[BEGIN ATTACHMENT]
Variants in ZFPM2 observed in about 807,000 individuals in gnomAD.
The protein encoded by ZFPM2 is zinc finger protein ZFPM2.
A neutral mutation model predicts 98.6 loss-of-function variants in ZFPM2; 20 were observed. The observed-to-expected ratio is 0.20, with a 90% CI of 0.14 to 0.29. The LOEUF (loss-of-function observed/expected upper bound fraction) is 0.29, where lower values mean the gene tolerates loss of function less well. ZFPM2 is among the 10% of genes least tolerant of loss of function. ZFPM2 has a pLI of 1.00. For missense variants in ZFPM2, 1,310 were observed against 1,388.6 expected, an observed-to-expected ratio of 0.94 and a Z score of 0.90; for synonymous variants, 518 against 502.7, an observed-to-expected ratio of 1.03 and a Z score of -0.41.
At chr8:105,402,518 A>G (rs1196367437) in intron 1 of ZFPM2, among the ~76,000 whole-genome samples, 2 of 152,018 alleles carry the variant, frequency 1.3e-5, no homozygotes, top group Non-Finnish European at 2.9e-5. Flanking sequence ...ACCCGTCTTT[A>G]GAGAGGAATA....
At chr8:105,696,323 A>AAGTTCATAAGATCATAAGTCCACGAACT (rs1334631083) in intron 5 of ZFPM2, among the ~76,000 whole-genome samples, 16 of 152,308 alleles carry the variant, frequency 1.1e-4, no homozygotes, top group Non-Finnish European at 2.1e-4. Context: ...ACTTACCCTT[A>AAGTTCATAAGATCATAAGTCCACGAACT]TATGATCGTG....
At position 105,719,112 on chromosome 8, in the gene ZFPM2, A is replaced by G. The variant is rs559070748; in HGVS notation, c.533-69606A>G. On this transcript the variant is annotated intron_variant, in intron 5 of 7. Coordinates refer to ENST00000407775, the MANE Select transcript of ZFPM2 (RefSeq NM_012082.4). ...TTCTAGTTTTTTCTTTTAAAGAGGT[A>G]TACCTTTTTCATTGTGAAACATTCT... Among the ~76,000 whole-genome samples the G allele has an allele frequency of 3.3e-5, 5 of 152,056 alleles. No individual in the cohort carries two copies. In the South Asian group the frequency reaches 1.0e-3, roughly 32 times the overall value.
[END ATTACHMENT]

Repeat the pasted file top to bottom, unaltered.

Variants in ZFPM2 observed in about 807,000 individuals in gnomAD.
The protein encoded by ZFPM2 is zinc finger protein ZFPM2.
A neutral mutation model predicts 98.6 loss-of-function variants in ZFPM2; 20 were observed. The observed-to-expected ratio is 0.20, with a 90% CI of 0.14 to 0.29. The LOEUF (loss-of-function observed/expected upper bound fraction) is 0.29, where lower values mean the gene tolerates loss of function less well. ZFPM2 is among the 10% of genes least tolerant of loss of function. ZFPM2 has a pLI of 1.00. For missense variants in ZFPM2, 1,310 were observed against 1,388.6 expected, an observed-to-expected ratio of 0.94 and a Z score of 0.90; for synonymous variants, 518 against 502.7, an observed-to-expected ratio of 1.03 and a Z score of -0.41.
At chr8:105,402,518 A>G (rs1196367437) in intron 1 of ZFPM2, among the ~76,000 whole-genome samples, 2 of 152,018 alleles carry the variant, frequency 1.3e-5, no homozygotes, top group Non-Finnish European at 2.9e-5. Flanking sequence ...ACCCGTCTTT[A>G]GAGAGGAATA....
At chr8:105,696,323 A>AAGTTCATAAGATCATAAGTCCACGAACT (rs1334631083) in intron 5 of ZFPM2, among the ~76,000 whole-genome samples, 16 of 152,308 alleles carry the variant, frequency 1.1e-4, no homozygotes, top group Non-Finnish European at 2.1e-4. Context: ...ACTTACCCTT[A>AAGTTCATAAGATCATAAGTCCACGAACT]TATGATCGTG....
At position 105,719,112 on chromosome 8, in the gene ZFPM2, A is replaced by G. The variant is rs559070748; in HGVS notation, c.533-69606A>G. On this transcript the variant is annotated intron_variant, in intron 5 of 7. Coordinates refer to ENST00000407775, the MANE Select transcript of ZFPM2 (RefSeq NM_012082.4). ...TTCTAGTTTTTTCTTTTAAAGAGGT[A>G]TACCTTTTTCATTGTGAAACATTCT... Among the ~76,000 whole-genome samples the G allele has an allele frequency of 3.3e-5, 5 of 152,056 alleles. No individual in the cohort carries two copies. In the South Asian group the frequency reaches 1.0e-3, roughly 32 times the overall value.